Council OKs tax break for GM

Trumbull County commissioners are expected to vote on the abatement agreement Wednesday.
LORDSTOWN -- A tax abatement agreement on a proposed $500 million renovation of the General Motors Assembly Plant has one more hurdle to clear.
Village council unanimously approved the 10-year abatement for the company Monday. GM officials said Trumbull County commissioners are expected to vote on the abatement Wednesday.
The board of education and schools oversight commission approved the agreement last month.
"I feel this is a win-win-win for Lordstown village, Lordstown schools and the Valley and especially for the GM plant," said Mayor Arno Hill.
Criticism: One resident, Philip Tobin of Huffman Road, disagreed.
"You're giving a tax abatement to the second-richest corporation in the country," he said, also pointing to jobs cut at the facility.
"I don't envy you people, and I don't see it as a win-win," Tobin said.
He was the only resident to speak against the abatement agreement at any of the public meetings where it was approved.
Jim Graham, president of UAW Local 1112, acknowledged that no one likes abatements. But he said if the company doesn't get an abatement in Lordstown, many other communities would be eager to approve similar agreements to attract the company. That would mean the loss of GM and $1 billion gouged out of the local economy.
"The bottom line is GM has to stay here, and we will get a new product," Graham said. "We're that confident."
What it does: The agreement gives the company a 75 percent abatement of the property taxes that would have gone to the school district. The village and Trumbull County are to give the company a 100 percent abatement under the plan.
The agreement also gives the school district half of the tax money that would have gone to the village and county if a 75 percent abatement had been approved.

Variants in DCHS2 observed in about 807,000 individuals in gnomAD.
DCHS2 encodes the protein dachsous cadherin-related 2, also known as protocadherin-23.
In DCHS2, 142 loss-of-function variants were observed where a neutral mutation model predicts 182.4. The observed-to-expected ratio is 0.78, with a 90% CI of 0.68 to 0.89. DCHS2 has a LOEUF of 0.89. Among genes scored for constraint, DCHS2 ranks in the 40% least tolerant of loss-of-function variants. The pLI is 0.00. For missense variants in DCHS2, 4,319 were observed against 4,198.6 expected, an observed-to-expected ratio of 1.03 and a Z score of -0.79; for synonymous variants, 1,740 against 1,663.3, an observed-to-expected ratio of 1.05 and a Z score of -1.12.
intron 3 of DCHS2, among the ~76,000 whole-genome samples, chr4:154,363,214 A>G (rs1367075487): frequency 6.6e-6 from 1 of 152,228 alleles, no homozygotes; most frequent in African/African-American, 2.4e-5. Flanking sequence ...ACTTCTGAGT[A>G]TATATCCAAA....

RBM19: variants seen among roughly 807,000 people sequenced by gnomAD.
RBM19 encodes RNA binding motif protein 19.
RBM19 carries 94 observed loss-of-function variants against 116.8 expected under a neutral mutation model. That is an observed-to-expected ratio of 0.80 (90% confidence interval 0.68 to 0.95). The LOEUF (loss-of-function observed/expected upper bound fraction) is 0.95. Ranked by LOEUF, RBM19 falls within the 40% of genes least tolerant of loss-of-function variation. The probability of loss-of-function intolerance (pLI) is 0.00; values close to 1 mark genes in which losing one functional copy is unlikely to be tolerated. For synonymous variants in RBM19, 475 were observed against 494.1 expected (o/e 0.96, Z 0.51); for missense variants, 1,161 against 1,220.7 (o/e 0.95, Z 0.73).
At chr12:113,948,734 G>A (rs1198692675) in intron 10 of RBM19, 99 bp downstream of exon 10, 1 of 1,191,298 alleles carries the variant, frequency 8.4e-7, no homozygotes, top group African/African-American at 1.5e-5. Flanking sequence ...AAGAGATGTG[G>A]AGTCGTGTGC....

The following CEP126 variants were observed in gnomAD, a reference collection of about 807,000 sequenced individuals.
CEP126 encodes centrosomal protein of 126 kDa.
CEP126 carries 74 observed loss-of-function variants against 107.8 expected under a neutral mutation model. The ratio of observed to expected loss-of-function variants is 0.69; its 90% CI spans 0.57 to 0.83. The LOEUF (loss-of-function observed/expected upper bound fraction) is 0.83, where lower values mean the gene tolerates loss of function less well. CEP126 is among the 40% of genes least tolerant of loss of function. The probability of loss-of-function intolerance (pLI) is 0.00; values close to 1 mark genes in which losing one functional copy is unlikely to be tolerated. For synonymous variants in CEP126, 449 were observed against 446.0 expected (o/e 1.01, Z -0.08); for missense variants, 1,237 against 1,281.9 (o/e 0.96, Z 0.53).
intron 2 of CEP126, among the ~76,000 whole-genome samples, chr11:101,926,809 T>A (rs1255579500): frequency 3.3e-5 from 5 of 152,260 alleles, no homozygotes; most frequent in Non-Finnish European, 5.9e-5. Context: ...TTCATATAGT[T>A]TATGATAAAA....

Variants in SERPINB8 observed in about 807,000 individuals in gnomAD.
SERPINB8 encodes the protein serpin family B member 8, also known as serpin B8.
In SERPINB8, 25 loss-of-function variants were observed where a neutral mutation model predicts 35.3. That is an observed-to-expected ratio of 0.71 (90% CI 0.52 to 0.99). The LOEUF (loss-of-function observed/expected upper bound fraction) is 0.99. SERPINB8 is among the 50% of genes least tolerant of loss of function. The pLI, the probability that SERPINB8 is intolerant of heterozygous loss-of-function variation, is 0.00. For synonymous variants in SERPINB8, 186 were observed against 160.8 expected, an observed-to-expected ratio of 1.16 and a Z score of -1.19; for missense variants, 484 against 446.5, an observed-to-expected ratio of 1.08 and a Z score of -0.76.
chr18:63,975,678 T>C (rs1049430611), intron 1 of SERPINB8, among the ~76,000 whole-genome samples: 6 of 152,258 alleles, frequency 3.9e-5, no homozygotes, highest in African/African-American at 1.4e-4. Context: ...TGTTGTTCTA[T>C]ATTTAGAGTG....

Under Ohio law, a corporation may receive an abatement of up to 75 percent without the affected school district's approval if the governmental entity and the county affected approve it.
The agreement is contingent on GM's Lordstown plant being renovated. The plan for plant renovation, estimated at between $300 million and $500 million, calls for a new paint shop and the reconfiguration of most departments.
Building a case: GM will present the abatement to company leadership as part of its business case to try to get a commitment to renovate the plant.
Another element was a four-year contract approved by workers in January that would take effect after the current pact expires in 2003 if the renovation is approved by the company leadership.
Union officials hope GM commits to renovating the plant and building the next generation of small cars at the Lordstown facility.
The company has committed to making the Chevrolet Cavalier there for three more years but hasn't extended its commitment beyond that. The Lordstown plant employs roughly 4,600 hourly workers.

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